Do Stick Insects Eat Bamboo?


Bamboo

The sheer number of stick insect species (around 3000 of them) suggests that privet and bramble are not the only foods they will eat. Perhaps you have even wondered if stick insects eat bamboo? I cannot definitively say no, but there are a number of reasons suggesting why they might not.

Although some stick insect species might eat the leaves of bamboo plants, stick insects will not eat the stem or ‘stick’. To see if your species eats the leaves, just place some in the enclosure. Rest assured they will not eat them if they do not like them or these are harmful to their species.

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Bamboo is actually a grass rather than a shrub or tree. Some species of bamboo produce leaves after they flower, other species do not. The difficulty with bamboo as a food source for stick insects is the fact that its flowering cycles are erratic and unpredictable. In the wild, this would not make for a stable food source.

Another reason that stick insects might be averse to bamboo is that the stalks and stems are just too tough to eat. Even though stick insects are herbivores, they do not have a sufficient jaw structure for consuming something as tough as a bamboo stalk. That’s not to say that bamboo leaves are not edible. They may very well be.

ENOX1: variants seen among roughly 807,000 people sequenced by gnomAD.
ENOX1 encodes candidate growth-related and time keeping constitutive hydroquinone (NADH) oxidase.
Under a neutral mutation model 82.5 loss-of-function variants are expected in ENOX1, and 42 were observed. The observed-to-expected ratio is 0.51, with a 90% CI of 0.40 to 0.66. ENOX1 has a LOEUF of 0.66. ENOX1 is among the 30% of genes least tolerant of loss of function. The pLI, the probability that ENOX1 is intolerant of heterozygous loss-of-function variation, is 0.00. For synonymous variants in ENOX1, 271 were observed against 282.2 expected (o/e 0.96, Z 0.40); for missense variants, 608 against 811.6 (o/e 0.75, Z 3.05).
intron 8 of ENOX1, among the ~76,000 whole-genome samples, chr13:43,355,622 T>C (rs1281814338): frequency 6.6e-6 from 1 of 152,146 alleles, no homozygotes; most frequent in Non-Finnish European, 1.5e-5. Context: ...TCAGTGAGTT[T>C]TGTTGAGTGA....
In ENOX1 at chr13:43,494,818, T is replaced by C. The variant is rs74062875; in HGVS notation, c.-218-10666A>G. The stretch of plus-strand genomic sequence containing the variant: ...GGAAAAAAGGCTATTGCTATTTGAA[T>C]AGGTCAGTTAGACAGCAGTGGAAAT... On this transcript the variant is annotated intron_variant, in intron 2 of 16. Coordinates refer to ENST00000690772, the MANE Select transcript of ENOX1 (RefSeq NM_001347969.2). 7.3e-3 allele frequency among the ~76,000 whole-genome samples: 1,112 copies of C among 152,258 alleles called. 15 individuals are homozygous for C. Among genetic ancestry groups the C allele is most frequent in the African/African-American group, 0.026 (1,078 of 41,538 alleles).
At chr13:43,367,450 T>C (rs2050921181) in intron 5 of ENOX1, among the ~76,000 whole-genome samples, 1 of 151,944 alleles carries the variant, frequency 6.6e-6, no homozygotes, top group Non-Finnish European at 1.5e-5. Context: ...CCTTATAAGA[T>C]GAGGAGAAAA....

Southern Two-Striped Stick Insect
Southern Two-Striped Stick Insect

Reasons Stick Insects Might Eat Bamboo

There are a few reasons bamboo might be a good food source for some species of stick insects. First, like so many stick insect species, bamboo is a tropical plant. Thus, it probably exists in the natural habitat of at least some stick insect species.

Bamboo is also an evergreen plan, which means it stays green and vibrant all year round. Stick insects are known to have an affinity for evergreens, so some species might find bamboo quite inviting.

As a general rule, I would avoid bamboo as a food source for stick insects. But this is not to say that no species will eat it. You can always try bamboo if it intrigues you. Rest assured your stick insect will not eat it if it could be harmful. And if your stick insect does eat it, you have found another viable food source.

Anthony

I am a content creator by profession but exotic animals are one of my great passions in life. Over the course of my adulthood, I have had the pleasure of looking after stick insects, terrapins, an Egyptian tortoise, giant African land snails, a crested gecko, a Chilean rose tarantula, a couple of curly-haired tarantulas, and a selection of millipedes, centipedes and worms!

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